The problem with Roy Moore

Like some of you, I thought Judge Moore would pull this out because he was running in Alabama.  Unfortunately, a flawed GOP candidate can lose even in Alabama.

What does it mean going forward?

In politics, the winners always explain victories in grand terms.  We heard Jones last night speak in terms of "change" and other things.

In fact, Senator-Elect Jones had very little to do with his victory.  It was a referendum on Roy Moore, a very flawed candidate whose problems predated the Washington Post article.

Doug Schoen has it about right in his analysis:

Surely, Jones' win emboldens Democrats to compete in states like Nevada where Republicans are potentially now vulnerable. To succeed, the Democrats will need more than a message of resistance or opposition, but a centrist pro-growth agenda of their own.

Mr. Schoen has a warning for both parties as well.  I agree that the GOP needs to get more practical and choose candidates who can win elections, not primaries. 

The good news is that the GOP has put the Moore problem away.  In other words, no Moore circus or questions about an ethics investigation or more newspaper articles clarifying where he did or didn't touch young women.  Moore is history, and that's a blessing for Republicans who would rather talk about the tax plan.

The bad news is for Alabama and Senator-Elect Jones.  In the summer, Jones was nominated because no one in his right mind thought he'd win.  He is the kind of liberal who usually makes concession speeches in Alabama.

So how popular will Senator Jones be in a few months?  Not very, and that's what we will be talking about in 2018 until he is defeated in 2020.

In elections, candidates matter a lot.  A flawed candidate usually loses, as we saw with Clinton and Moore.

PS: You can listen to my show (Canto Talk) and follow me on Twitter.

Like some of you, I thought Judge Moore would pull this out because he was running in Alabama.  Unfortunately, a flawed GOP candidate can lose even in Alabama.

What does it mean going forward?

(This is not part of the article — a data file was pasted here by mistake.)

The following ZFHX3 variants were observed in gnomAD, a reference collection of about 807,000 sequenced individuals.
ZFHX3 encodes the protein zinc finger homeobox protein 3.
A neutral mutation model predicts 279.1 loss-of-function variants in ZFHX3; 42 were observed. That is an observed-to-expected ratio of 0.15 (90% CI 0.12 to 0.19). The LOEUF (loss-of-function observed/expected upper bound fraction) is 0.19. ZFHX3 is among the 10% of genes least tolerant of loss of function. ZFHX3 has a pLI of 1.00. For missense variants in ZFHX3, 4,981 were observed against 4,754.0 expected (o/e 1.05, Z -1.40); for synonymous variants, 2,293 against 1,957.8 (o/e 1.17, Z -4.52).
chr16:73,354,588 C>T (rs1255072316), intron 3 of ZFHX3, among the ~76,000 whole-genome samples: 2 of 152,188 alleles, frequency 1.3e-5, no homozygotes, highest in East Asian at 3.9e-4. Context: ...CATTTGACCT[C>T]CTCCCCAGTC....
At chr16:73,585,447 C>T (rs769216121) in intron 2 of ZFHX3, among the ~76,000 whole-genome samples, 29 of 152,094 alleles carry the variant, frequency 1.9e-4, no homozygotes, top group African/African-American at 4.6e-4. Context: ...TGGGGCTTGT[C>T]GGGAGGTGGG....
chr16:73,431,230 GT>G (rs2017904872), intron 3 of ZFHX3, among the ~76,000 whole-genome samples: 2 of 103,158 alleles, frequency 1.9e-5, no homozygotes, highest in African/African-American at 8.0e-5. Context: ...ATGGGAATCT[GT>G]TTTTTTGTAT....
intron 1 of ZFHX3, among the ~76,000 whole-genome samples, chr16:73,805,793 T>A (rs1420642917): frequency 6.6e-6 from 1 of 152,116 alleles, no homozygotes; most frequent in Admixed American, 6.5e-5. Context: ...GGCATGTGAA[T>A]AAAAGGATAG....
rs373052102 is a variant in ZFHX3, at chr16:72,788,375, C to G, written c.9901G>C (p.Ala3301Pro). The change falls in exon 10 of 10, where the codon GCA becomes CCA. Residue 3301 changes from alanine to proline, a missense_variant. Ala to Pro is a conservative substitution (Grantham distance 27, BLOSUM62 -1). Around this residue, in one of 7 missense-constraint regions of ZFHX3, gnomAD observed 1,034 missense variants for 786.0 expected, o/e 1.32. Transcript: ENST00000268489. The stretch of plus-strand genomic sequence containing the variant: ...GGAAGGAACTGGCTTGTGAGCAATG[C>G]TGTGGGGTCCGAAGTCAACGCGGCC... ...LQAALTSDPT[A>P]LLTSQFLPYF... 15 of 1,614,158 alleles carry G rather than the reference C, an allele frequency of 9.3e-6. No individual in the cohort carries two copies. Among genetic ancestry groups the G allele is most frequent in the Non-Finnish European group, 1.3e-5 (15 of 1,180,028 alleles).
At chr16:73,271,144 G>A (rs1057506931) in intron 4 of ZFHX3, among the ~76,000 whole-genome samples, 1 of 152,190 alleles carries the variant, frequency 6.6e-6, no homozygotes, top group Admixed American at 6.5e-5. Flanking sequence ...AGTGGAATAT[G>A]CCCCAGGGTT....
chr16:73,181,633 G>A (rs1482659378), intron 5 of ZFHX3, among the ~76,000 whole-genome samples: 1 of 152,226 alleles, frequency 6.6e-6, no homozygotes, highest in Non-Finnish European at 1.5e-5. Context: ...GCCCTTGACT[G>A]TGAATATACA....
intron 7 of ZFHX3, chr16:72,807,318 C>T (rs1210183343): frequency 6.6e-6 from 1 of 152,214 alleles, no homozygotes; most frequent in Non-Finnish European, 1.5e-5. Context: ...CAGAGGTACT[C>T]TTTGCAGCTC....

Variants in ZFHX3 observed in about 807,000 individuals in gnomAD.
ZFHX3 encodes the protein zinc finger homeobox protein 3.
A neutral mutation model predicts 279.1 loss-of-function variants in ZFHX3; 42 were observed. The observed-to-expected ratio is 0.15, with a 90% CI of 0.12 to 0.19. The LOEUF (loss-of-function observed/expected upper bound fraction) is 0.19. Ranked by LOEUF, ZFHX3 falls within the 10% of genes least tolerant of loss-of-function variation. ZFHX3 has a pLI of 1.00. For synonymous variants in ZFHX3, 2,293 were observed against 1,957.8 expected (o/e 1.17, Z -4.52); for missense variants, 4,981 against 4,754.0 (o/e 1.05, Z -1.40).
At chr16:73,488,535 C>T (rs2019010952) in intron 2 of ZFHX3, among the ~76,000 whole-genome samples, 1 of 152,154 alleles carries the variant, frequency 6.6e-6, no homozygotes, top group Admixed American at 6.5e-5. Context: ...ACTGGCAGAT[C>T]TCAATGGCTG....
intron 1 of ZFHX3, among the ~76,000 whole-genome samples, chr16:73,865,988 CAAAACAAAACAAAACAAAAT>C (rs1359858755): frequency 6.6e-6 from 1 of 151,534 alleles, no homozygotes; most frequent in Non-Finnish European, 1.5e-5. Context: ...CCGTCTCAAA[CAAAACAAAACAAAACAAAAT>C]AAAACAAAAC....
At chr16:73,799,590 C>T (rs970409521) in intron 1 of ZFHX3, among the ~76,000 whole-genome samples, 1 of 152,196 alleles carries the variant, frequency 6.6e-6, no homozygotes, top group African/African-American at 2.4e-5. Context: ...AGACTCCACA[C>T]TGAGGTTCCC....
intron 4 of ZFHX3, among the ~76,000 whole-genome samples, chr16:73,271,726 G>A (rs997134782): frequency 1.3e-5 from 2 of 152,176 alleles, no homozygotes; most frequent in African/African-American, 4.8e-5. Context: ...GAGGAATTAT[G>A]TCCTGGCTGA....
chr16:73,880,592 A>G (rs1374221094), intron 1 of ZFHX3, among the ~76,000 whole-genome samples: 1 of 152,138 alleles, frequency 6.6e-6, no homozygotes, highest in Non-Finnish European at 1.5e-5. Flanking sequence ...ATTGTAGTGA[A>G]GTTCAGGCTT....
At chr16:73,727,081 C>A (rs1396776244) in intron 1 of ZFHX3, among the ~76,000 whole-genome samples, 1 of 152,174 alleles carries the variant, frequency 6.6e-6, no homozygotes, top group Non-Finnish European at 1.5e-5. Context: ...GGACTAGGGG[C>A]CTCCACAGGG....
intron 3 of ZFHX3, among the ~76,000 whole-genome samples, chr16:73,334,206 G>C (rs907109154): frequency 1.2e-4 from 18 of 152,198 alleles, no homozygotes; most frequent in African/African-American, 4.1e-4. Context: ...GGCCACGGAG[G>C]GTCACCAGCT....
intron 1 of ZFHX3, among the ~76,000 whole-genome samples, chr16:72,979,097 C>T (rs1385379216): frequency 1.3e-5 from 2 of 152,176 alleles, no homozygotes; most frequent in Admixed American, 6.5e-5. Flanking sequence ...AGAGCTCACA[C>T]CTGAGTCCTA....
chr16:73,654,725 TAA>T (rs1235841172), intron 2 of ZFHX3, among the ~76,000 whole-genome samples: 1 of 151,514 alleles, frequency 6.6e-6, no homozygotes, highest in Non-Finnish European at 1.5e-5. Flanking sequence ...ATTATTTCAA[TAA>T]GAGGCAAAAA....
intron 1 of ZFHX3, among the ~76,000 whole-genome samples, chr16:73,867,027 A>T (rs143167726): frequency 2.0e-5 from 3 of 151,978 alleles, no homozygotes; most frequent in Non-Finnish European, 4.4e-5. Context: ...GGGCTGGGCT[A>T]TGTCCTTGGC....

In politics, the winners always explain victories in grand terms.  We heard Jones last night speak in terms of "change" and other things.

In fact, Senator-Elect Jones had very little to do with his victory.  It was a referendum on Roy Moore, a very flawed candidate whose problems predated the Washington Post article.

Doug Schoen has it about right in his analysis:

Surely, Jones' win emboldens Democrats to compete in states like Nevada where Republicans are potentially now vulnerable. To succeed, the Democrats will need more than a message of resistance or opposition, but a centrist pro-growth agenda of their own.

Mr. Schoen has a warning for both parties as well.  I agree that the GOP needs to get more practical and choose candidates who can win elections, not primaries. 

The good news is that the GOP has put the Moore problem away.  In other words, no Moore circus or questions about an ethics investigation or more newspaper articles clarifying where he did or didn't touch young women.  Moore is history, and that's a blessing for Republicans who would rather talk about the tax plan.

The bad news is for Alabama and Senator-Elect Jones.  In the summer, Jones was nominated because no one in his right mind thought he'd win.  He is the kind of liberal who usually makes concession speeches in Alabama.

So how popular will Senator Jones be in a few months?  Not very, and that's what we will be talking about in 2018 until he is defeated in 2020.

In elections, candidates matter a lot.  A flawed candidate usually loses, as we saw with Clinton and Moore.

PS: You can listen to my show (Canto Talk) and follow me on Twitter.